Free Inhabitants in “The Creek Nation” in the County “West of the” State of “Akansas” enumerated on the “16th” day of “August” 1860. While the census lists “free inhabitants” it is obvious that the list contains names of Native Americans, both of the Creek and Seminole tribes, and probably others. The “free inhabitants” is likely indicative that the family had given up their rights as Indians in treaties previous to 1860, drifted away from the tribe, or were never fully integrated. The black (B) and mulatto (M) status may indicate only the fact of the color of their skin, or whether one had a white ancestors, they may still be Native American.
Person Interviewed: Mary Grayson Location: Tulsa, Oklahoma Age: 83 I am what we colored people call a “native.” That means that I didn’t come into the Indian country from somewhere in the Old South, after the war, like so many Negroes did, but I was born here in the old Creek Nation, and my master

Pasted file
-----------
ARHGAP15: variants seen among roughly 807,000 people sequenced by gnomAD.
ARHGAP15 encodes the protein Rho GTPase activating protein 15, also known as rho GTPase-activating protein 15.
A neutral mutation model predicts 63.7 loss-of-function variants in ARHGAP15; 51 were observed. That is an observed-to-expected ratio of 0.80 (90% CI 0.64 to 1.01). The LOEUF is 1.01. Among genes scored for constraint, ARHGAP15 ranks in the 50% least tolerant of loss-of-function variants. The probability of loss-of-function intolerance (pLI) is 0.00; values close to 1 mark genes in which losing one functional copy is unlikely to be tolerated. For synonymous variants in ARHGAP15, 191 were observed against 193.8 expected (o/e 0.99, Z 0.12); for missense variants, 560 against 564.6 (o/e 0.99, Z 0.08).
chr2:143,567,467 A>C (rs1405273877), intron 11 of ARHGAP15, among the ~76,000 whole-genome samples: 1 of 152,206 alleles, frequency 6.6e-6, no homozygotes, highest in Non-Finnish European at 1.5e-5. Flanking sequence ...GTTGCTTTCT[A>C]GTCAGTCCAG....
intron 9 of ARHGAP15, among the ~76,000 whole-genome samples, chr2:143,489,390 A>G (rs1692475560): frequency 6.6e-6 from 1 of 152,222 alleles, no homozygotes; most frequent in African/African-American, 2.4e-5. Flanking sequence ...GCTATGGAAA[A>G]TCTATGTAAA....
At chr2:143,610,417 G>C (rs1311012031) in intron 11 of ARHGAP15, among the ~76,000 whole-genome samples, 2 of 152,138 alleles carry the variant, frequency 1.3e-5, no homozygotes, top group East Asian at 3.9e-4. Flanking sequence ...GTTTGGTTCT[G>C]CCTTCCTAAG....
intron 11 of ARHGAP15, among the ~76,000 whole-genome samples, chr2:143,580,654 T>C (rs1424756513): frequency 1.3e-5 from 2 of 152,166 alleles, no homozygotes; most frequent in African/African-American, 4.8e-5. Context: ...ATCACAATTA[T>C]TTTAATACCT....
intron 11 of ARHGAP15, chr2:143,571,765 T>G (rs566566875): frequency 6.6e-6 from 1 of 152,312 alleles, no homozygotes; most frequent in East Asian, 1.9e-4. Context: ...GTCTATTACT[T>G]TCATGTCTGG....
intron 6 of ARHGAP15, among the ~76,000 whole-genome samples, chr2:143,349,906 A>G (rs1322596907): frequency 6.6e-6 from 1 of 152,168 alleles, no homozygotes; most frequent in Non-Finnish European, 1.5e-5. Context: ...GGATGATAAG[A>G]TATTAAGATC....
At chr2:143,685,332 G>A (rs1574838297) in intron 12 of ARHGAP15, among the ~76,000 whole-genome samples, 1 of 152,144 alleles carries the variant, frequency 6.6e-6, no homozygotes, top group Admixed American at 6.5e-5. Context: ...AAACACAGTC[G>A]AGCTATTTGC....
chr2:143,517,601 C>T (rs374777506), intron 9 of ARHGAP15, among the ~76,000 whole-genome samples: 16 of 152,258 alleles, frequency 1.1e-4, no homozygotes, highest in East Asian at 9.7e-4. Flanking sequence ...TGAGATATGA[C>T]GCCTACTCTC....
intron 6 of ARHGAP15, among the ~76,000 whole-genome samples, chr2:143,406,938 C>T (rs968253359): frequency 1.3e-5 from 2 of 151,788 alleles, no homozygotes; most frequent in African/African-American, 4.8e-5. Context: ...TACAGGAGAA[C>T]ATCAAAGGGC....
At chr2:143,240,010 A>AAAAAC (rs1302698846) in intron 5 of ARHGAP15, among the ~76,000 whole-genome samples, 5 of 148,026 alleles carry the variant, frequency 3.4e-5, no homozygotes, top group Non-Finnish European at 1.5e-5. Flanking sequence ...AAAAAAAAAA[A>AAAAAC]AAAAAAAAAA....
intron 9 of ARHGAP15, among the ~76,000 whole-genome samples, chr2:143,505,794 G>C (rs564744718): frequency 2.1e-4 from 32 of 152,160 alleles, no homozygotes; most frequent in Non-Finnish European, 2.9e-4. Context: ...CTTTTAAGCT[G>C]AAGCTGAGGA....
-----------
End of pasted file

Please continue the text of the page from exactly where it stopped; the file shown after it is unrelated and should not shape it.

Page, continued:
Person Interviewed: Davis Lucinda Location: Tulsa, Oklahoma Age: 89 “What yo’ gwine do when de meat give out? “What yo’ gwine do when de meat give out? Set in de corner wid my lips pooched out! Laway! “What yo’ gwine do when de meat give out? “What yo’ gwine do when de meat give out?
Washington Grayson, prominently identified with the tribal government of the Creek Nation and closely associated with many public interests of importance to community and state, makes his home in Eufaula, where he is held in high respect and honor by all who know him. Mr. Grayson was born at Eufaula, Oklahoma, on the 15th of